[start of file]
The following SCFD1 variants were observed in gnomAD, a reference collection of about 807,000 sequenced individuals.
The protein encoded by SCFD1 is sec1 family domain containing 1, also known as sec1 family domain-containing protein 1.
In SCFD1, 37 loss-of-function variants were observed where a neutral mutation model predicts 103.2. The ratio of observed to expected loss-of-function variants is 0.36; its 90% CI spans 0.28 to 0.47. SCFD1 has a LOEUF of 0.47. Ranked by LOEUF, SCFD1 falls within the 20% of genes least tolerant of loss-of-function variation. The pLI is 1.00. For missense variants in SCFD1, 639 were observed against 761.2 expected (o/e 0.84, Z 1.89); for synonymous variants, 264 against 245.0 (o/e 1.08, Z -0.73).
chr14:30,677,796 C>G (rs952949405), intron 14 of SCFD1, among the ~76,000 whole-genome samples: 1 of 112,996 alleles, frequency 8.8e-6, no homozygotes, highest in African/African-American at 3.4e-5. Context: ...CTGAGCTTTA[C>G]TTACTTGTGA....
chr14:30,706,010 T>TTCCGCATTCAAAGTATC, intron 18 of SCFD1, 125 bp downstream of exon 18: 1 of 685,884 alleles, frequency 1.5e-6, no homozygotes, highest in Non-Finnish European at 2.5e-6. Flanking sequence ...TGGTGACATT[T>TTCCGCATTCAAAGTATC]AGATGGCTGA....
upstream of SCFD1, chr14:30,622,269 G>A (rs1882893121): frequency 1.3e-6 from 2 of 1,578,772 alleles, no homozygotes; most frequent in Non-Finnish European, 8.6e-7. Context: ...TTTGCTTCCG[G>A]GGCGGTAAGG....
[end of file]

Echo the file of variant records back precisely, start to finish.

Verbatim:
The following SCFD1 variants were observed in gnomAD, a reference collection of about 807,000 sequenced individuals.
The protein encoded by SCFD1 is sec1 family domain containing 1, also known as sec1 family domain-containing protein 1.
In SCFD1, 37 loss-of-function variants were observed where a neutral mutation model predicts 103.2. The ratio of observed to expected loss-of-function variants is 0.36; its 90% CI spans 0.28 to 0.47. SCFD1 has a LOEUF of 0.47. Ranked by LOEUF, SCFD1 falls within the 20% of genes least tolerant of loss-of-function variation. The pLI is 1.00. For missense variants in SCFD1, 639 were observed against 761.2 expected (o/e 0.84, Z 1.89); for synonymous variants, 264 against 245.0 (o/e 1.08, Z -0.73).
chr14:30,677,796 C>G (rs952949405), intron 14 of SCFD1, among the ~76,000 whole-genome samples: 1 of 112,996 alleles, frequency 8.8e-6, no homozygotes, highest in African/African-American at 3.4e-5. Context: ...CTGAGCTTTA[C>G]TTACTTGTGA....
chr14:30,706,010 T>TTCCGCATTCAAAGTATC, intron 18 of SCFD1, 125 bp downstream of exon 18: 1 of 685,884 alleles, frequency 1.5e-6, no homozygotes, highest in Non-Finnish European at 2.5e-6. Flanking sequence ...TGGTGACATT[T>TTCCGCATTCAAAGTATC]AGATGGCTGA....
upstream of SCFD1, chr14:30,622,269 G>A (rs1882893121): frequency 1.3e-6 from 2 of 1,578,772 alleles, no homozygotes; most frequent in Non-Finnish European, 8.6e-7. Context: ...TTTGCTTCCG[G>A]GGCGGTAAGG....